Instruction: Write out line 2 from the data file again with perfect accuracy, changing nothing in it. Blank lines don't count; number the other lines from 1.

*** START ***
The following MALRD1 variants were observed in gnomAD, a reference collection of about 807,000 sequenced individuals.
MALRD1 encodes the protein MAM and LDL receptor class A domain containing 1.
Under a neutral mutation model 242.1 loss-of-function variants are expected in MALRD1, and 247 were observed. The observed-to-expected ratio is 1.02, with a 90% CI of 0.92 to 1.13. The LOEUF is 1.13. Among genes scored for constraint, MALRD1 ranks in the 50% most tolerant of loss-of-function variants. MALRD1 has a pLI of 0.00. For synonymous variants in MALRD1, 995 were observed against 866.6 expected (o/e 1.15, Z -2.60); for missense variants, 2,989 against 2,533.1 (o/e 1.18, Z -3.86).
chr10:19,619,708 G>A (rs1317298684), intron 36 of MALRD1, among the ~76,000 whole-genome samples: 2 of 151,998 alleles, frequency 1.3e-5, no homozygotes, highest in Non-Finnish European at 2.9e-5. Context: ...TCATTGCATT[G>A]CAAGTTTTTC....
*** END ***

MALRD1 encodes the protein MAM and LDL receptor class A domain containing 1.